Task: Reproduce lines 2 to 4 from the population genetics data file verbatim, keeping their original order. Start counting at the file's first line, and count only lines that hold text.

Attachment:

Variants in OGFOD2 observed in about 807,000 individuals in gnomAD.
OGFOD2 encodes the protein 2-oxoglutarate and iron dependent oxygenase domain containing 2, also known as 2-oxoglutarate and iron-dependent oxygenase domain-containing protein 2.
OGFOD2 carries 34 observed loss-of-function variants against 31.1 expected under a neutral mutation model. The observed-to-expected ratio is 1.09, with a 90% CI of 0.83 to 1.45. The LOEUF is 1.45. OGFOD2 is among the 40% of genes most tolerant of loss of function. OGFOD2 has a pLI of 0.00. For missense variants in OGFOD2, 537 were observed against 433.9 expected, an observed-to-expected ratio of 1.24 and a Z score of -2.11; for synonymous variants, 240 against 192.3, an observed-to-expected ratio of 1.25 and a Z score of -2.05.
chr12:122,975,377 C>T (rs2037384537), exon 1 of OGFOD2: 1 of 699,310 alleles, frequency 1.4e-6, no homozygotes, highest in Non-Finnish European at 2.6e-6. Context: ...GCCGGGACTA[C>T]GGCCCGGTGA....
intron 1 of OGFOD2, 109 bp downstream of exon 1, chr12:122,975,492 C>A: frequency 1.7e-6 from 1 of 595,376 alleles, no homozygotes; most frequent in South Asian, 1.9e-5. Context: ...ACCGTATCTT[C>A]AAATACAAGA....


OGFOD2 encodes the protein 2-oxoglutarate and iron dependent oxygenase domain containing 2, also known as 2-oxoglutarate and iron-dependent oxygenase domain-containing protein 2.
OGFOD2 carries 34 observed loss-of-function variants against 31.1 expected under a neutral mutation model. The observed-to-expected ratio is 1.09, with a 90% CI of 0.83 to 1.45. The LOEUF is 1.45. OGFOD2 is among the 40% of genes most tolerant of loss of function. OGFOD2 has a pLI of 0.00. For missense variants in OGFOD2, 537 were observed against 433.9 expected, an observed-to-expected ratio of 1.24 and a Z score of -2.11; for synonymous variants, 240 against 192.3, an observed-to-expected ratio of 1.25 and a Z score of -2.05.
chr12:122,975,377 C>T (rs2037384537), exon 1 of OGFOD2: 1 of 699,310 alleles, frequency 1.4e-6, no homozygotes, highest in Non-Finnish European at 2.6e-6. Context: ...GCCGGGACTA[C>T]GGCCCGGTGA....